While much of the conventional art, to a certain degree, overcomes some of the difficulties associated with the requirement of mortar, and the inability to disassemble, none provide for the capacity to automatically absorb external pressure changes without significant deterioration in structural integrity. Attempts to address this particular problem have come in the form of steel reinforcement of some kind. In 1907, U.S. Pat. No. 859,663 to Jackson employed steel post, tension-threaded reinforcement rods in combination with steel frames to produce a very strong wall. The use of steel post, tension-threaded reinforcement rods can also be seen in: U.S. Pat. Nos. 3,378,969 to Larger; 859,663 to Jackson; 4,726,567 to Greenburg; 5,138,808 to Bengtson et al.; and, 5,355,647 to Johnson et al.
Unfortunately, this move to steel reinforcement as a means to counter external pressure meant the loss of many of the gains achieved by much of the conventional art. In short, the characteristics of:mortarless construction and the ability to disassemble components and reuse them were sacrificed for a stronger wall.
Although the addition of steel to bind the wall in a solid mass contributed to it structural integrity by better resisting certain external forces, this is only true in the case of a force applied in one direction against the wall. As in the case of hydrostatic pressure, the force moves only in one direction; from the outside to the inside, slowly and steadily. Seismic disturbances, such as those associate with earthquakes, tend to move the earth in a rapid back and forth motion. A wall bound as a sold mass is unable to accommodate the dynamic back and forth movement. Instead, its rigid composition directly transfers the force to the rest of the building (acting as sort of a lever) weakening the integrity of the entire structure until it finally fails.
Thus, it is desirable to provide a masonry wall system that incorporates the advantages of: unskilled labor for assembly; mortarless construction; the ability to disassemble and reuse; and, the necessary capacity to automatically absorb external pressure changes (particularly seismic disturbances) without significant deterioration of structural integrity. Such a wall system would create a new synergy that would satisfy a long-felt but unresolved need. It would also represent a positive contribution to the masonry industry.
Accordingly it is an object of the present invention to provide an improved masonry walls system that does not require skilled labor to assemble.
It is another object of the present invention to provide a masonry wall system that does not require mortar for it's construction.
It is a further object of the present invention to provide an improved masonry wall system that is capable of rapid, on-site assembly.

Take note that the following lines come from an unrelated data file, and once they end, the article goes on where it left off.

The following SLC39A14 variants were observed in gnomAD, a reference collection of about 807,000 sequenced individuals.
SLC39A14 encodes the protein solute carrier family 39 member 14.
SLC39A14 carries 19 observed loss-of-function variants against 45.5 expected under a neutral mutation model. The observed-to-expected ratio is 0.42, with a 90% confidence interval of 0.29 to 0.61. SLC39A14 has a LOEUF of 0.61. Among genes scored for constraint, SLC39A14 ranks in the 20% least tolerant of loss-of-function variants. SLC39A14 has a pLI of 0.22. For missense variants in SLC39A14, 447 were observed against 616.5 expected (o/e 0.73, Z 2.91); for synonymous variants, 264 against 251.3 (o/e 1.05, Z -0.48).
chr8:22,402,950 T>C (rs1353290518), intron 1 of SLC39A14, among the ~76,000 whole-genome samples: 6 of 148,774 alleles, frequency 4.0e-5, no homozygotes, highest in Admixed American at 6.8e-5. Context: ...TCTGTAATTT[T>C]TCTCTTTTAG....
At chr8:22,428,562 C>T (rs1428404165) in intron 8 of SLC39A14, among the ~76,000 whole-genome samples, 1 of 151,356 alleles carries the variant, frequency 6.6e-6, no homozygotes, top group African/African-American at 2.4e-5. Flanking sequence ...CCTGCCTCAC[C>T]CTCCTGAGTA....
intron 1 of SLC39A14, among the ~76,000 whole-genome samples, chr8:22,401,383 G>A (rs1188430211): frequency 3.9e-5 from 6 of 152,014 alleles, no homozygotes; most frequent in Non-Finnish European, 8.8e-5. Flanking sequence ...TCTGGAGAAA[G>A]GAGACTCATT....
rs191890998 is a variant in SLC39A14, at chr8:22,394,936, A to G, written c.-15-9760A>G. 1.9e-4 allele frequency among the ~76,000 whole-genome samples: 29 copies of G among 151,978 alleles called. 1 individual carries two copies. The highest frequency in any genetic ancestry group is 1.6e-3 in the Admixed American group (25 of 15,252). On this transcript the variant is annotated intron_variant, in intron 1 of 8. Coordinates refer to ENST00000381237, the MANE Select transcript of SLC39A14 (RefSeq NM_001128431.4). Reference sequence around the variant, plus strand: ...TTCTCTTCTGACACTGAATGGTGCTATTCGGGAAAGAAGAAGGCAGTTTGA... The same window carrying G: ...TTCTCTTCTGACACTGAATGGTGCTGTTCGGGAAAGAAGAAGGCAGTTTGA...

It is still another object of the present invention to provide an improve masonry wall system that can be disassembled and then reused.
It is still an additional object of the present invention to provide an improved masonry wall system that overcomes the conventional problems of masonry assembly in which dovetail structures are used.
It is yet another object of the present invention to provide an improved masonry wall system that is capable of absorbing external pressure changes (such as settling, hydrostatic pressure and seismic disturbances) without significant deterioration in the structural integrity of the wall system.
It is yet a further object of the present invention to provide an improved masonry wall system that is capable of distributing stress on any portion of the wall throughout a large surrounding segment of the wall.
These and other objects and goals of the present invention are achieved by an interlocking mortarless wall system having a plurality of main blocks. Each of the main blocks includes at least one stabilizing hole positioned to be vertically collinear with the stabilizing holes of other blocks when the blocks are arranged in the interlocking position with respect to each other. Each of the main blocks also includes a dovetail structure on the upper surface and a slot on the lower surface configured to fit the dovetail. This permits dovetails to move laterally to a predetermined extent when the block is interlocked with the vertically adjacent blocks. The system also includes a reinforcing structure placed in the stabilization holes through a plurality of the main blocks. The reinforcing structure is sized to permit movement of the blocks in a horizontal plane for the predetermined extent of movement. Movement to the predetermined extent transfers the stress causing the block movement to adjacent blocks.
In another embodiment of the present invention, an interlocking mortarless wall system includes a plurality of interlocking blocks. Also included in the system are means for interlocking the vertical adjacent blocks to each other. Means for permitting lateral movement of adjacent vertical blocks to a predetermined extent of movement and for locking the blocks once the predetermined extent of movement has been reached are also included. Once the predetermined extent of movement has been reached means for transferring the stress on a first block throughout the wall via adjacent blocks come into operation.
FIG. 1(a) is a perspective diagram depicting the main block component of the inventive wall system.
FIG. 1(b) is a perspective diagram depicting the rear view of the block of FIG. 1(a).
FIG. 2 is a perspective diagram depicting a sill cap.
FIG. 3 is a perspective diagram depicting a corner block.
FIG. 4 is a perspective diagram depicting a short block.
FIG. 5 is a perspective diagram depicting a partially assembled wall using the inventive system.
FIG. 6 is a top view of the first course of a wall constructed according to the present invention.
FIG. 7 is a cross sectional view of a portion of a wall assembled according to the present invention, under 1 set of external conditions.
FIG. 8 is a cross sectional view of the structure of FIG. 7 under different external conditions.